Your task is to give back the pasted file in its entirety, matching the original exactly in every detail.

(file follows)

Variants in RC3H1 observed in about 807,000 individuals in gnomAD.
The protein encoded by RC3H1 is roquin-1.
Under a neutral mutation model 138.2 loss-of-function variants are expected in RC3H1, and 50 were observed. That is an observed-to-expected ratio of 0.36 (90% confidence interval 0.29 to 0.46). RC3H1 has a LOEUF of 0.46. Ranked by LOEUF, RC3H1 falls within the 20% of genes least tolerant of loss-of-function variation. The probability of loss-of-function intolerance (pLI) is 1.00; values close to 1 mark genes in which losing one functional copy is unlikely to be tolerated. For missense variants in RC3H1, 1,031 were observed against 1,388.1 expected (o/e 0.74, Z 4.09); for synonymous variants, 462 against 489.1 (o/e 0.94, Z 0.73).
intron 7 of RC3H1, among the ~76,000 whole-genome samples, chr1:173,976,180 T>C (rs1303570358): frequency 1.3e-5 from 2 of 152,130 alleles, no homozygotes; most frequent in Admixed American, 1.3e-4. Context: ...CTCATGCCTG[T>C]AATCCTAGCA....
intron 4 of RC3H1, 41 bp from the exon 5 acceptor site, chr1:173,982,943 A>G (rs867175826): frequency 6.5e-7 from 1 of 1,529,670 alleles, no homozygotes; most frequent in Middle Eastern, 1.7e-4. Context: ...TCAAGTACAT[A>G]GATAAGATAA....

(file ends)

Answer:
Variants in RC3H1 observed in about 807,000 individuals in gnomAD.
The protein encoded by RC3H1 is roquin-1.
Under a neutral mutation model 138.2 loss-of-function variants are expected in RC3H1, and 50 were observed. That is an observed-to-expected ratio of 0.36 (90% confidence interval 0.29 to 0.46). RC3H1 has a LOEUF of 0.46. Ranked by LOEUF, RC3H1 falls within the 20% of genes least tolerant of loss-of-function variation. The probability of loss-of-function intolerance (pLI) is 1.00; values close to 1 mark genes in which losing one functional copy is unlikely to be tolerated. For missense variants in RC3H1, 1,031 were observed against 1,388.1 expected (o/e 0.74, Z 4.09); for synonymous variants, 462 against 489.1 (o/e 0.94, Z 0.73).
intron 7 of RC3H1, among the ~76,000 whole-genome samples, chr1:173,976,180 T>C (rs1303570358): frequency 1.3e-5 from 2 of 152,130 alleles, no homozygotes; most frequent in Admixed American, 1.3e-4. Context: ...CTCATGCCTG[T>C]AATCCTAGCA....
intron 4 of RC3H1, 41 bp from the exon 5 acceptor site, chr1:173,982,943 A>G (rs867175826): frequency 6.5e-7 from 1 of 1,529,670 alleles, no homozygotes; most frequent in Middle Eastern, 1.7e-4. Context: ...TCAAGTACAT[A>G]GATAAGATAA....